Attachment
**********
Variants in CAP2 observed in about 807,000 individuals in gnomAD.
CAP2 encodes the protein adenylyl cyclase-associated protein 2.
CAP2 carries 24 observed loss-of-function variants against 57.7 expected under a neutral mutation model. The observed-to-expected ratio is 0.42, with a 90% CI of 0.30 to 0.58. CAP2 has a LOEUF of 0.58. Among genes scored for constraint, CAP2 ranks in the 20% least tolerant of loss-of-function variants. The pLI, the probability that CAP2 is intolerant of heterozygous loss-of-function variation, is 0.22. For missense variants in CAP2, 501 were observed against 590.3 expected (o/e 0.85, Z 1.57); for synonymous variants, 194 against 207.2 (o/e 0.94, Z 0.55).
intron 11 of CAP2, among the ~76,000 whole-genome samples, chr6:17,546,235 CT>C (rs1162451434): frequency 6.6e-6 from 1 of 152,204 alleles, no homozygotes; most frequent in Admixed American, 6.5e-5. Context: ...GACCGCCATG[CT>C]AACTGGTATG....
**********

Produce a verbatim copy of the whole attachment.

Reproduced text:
Variants in CAP2 observed in about 807,000 individuals in gnomAD.
CAP2 encodes the protein adenylyl cyclase-associated protein 2.
CAP2 carries 24 observed loss-of-function variants against 57.7 expected under a neutral mutation model. The observed-to-expected ratio is 0.42, with a 90% CI of 0.30 to 0.58. CAP2 has a LOEUF of 0.58. Among genes scored for constraint, CAP2 ranks in the 20% least tolerant of loss-of-function variants. The pLI, the probability that CAP2 is intolerant of heterozygous loss-of-function variation, is 0.22. For missense variants in CAP2, 501 were observed against 590.3 expected (o/e 0.85, Z 1.57); for synonymous variants, 194 against 207.2 (o/e 0.94, Z 0.55).
intron 11 of CAP2, among the ~76,000 whole-genome samples, chr6:17,546,235 CT>C (rs1162451434): frequency 6.6e-6 from 1 of 152,204 alleles, no homozygotes; most frequent in Admixed American, 6.5e-5. Context: ...GACCGCCATG[CT>C]AACTGGTATG....